EGU2020-21025, updated on 12 Jun 2020
EGU General Assembly 2020
© Author(s) 2020. This work is distributed under
the Creative Commons Attribution 4.0 License.

Fractionation of soil organic carbon under different land management in dry tropics, south India

Eito Nonomura1, Soh Sugihara1, Mayuko Seki1, Hidetoshi Miyazaki2, Muniandi Jegadeesan3, Pandian Kannan3, and Haruo Tanaka1
Eito Nonomura et al.
  • 1Tokyo University of Agriculture and Technology, Tokyo, Japan (
  • 2Global Environmental Forum, Tokyo, Japan
  • 3Tamil Nadu Agricultural University, Tamil Nadu, India

An understanding of the mechanisms of soil organic carbon (SOC) stabilization is essential to develop the appropriate management for C sequestration and soil health. In southern India, where neutral-alkaline soils are mainly distributed, soil C stocks are inherently low in cropland, despite relatively high clay contents (Clay>ca. 30%, OC<ca. 5 g C kg-1 soil). To consider this reason of low SOC in this area, we evaluated the fractionated C contents and its controlling factors, by measuring the particulate organic matter (POM). The objective of this study was to evaluate the effect of land management on the amount and composition of each fraction of soil in southern India. We collected the surface soils (0-10 cm) from two representative sites of southern India; Vertisols with alkaline soil pH (8.4-8.8) and Alfisols with neutral soil pH (6.0-7.0). At each site, two different land management were selected; forest and cropland of Vertisols, and cropland with no organic matter application (no-OM) and with manure application (with-OM) of Alfisols. Soils were separated into the four fractions; (1) Light Fraction; LF (<1.7 g cm-3) , (2) Coarse POM; cPOM (>1.7 g cm-3, 250-2000 µm), (3) Fine POM; fPOM(>1.7 g cm-3, 53-250 µm), and (4) Silt+Clay; S+C (>1.7 g cm-3, <53 µm). Each fraction was analyzed by elemental analysis (C, N) and CPMAS 13C NMR spectroscopy. In Vertisols, C contents of cPOM, fPOM, S+C were significantly higher in forest (0.65, 0.91, 4.8 g kg-1 soil, respectively) than those of cropland (0.17, 0.22, 4.1 g kg-1 soil, respectively), causing the higher total SOC in forest (7.8 g kg-1 soil) than in cropland (4.5 g kg-1 soil). C concentration of cPOM, fPOM, and S+C fractions were also significantly higher in forest (3.7, 7.6, 6.7 g kg-1 fraction, respectively) than those of cropland (1.0, 2.7, 5.4 g kg-1 fraction, respectively). In particular, increasing rates in cPOM and fPOM (180-280 %) were greater than S+C (24 %), possibly suggesting that forest management should increase the relatively active and intermediate SOC pools through the C accumulation in cPOM and fPOM fractions of Vertisols. In Alfisols, C contents in LF and S+C were significantly higher in with-OM (1.1 and 5.2 g kg-1 soil, respectively) than in no-OM (0.76 and 4.7 g kg-1 soil, respectively). C concentration of S+C fraction was significantly higher in with-OM (14 g kg-1 fraction) than in no-OM (11 g kg-1 fraction), but not of cPOM and fPOM fractions. It suggests that the OM application to cropland should increase the slow SOC pool through the C accumulation in S+C fractions of Alfisols. These results indicate that different fraction may contribute to SOC stabilization between Vertisols and Alfisols in southern India.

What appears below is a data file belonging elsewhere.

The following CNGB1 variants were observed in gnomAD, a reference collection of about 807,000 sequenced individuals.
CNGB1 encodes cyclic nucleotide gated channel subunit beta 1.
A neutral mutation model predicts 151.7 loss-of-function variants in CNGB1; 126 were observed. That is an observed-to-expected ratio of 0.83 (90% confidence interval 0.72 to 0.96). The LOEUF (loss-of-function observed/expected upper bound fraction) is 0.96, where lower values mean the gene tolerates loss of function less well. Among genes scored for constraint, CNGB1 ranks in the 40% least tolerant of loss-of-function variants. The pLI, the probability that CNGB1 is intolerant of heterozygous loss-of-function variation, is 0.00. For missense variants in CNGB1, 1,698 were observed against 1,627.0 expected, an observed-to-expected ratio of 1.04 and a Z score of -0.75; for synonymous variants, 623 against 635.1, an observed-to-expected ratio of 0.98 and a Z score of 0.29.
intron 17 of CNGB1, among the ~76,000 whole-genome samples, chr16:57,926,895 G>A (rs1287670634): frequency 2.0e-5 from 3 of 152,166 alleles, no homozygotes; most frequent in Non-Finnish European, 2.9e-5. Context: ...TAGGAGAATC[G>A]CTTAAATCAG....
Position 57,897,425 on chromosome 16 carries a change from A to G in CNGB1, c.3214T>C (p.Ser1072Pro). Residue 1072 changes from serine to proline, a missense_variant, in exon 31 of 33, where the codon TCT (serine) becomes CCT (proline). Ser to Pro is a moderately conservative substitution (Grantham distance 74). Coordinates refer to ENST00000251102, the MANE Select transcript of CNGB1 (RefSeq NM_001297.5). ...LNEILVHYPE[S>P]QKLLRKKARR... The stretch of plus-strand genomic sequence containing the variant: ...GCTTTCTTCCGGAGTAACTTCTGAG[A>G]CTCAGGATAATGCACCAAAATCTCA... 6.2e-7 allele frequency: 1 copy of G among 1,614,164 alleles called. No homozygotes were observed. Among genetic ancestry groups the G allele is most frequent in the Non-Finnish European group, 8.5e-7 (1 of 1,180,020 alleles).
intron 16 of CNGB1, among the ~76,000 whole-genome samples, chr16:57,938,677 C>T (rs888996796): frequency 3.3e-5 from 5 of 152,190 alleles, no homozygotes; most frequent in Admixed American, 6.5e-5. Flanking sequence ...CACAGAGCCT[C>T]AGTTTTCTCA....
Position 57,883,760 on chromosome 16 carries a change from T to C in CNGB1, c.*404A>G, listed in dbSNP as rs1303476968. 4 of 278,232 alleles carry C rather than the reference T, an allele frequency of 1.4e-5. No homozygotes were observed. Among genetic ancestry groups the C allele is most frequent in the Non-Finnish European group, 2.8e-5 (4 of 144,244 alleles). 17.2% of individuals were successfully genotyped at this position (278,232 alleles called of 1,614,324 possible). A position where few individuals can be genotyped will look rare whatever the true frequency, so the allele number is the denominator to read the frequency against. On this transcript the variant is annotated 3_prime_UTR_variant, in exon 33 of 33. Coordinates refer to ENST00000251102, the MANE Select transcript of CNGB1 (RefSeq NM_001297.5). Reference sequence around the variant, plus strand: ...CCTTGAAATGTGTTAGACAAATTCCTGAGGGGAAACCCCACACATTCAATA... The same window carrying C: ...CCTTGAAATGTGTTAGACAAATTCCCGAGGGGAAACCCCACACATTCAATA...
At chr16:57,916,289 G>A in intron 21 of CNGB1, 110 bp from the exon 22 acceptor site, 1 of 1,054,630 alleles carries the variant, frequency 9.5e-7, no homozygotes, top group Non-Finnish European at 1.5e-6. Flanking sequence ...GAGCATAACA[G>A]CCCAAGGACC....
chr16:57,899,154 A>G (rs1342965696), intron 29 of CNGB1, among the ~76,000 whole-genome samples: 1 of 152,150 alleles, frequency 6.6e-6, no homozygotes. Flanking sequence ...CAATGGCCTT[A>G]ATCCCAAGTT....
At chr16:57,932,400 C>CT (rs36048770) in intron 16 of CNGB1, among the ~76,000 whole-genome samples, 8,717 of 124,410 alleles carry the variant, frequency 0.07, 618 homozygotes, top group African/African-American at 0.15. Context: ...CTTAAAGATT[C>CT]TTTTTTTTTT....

How to cite: Nonomura, E., Sugihara, S., Seki, M., Miyazaki, H., Jegadeesan, M., Kannan, P., and Tanaka, H.: Fractionation of soil organic carbon under different land management in dry tropics, south India, EGU General Assembly 2020, Online, 4–8 May 2020, EGU2020-21025,, 2020


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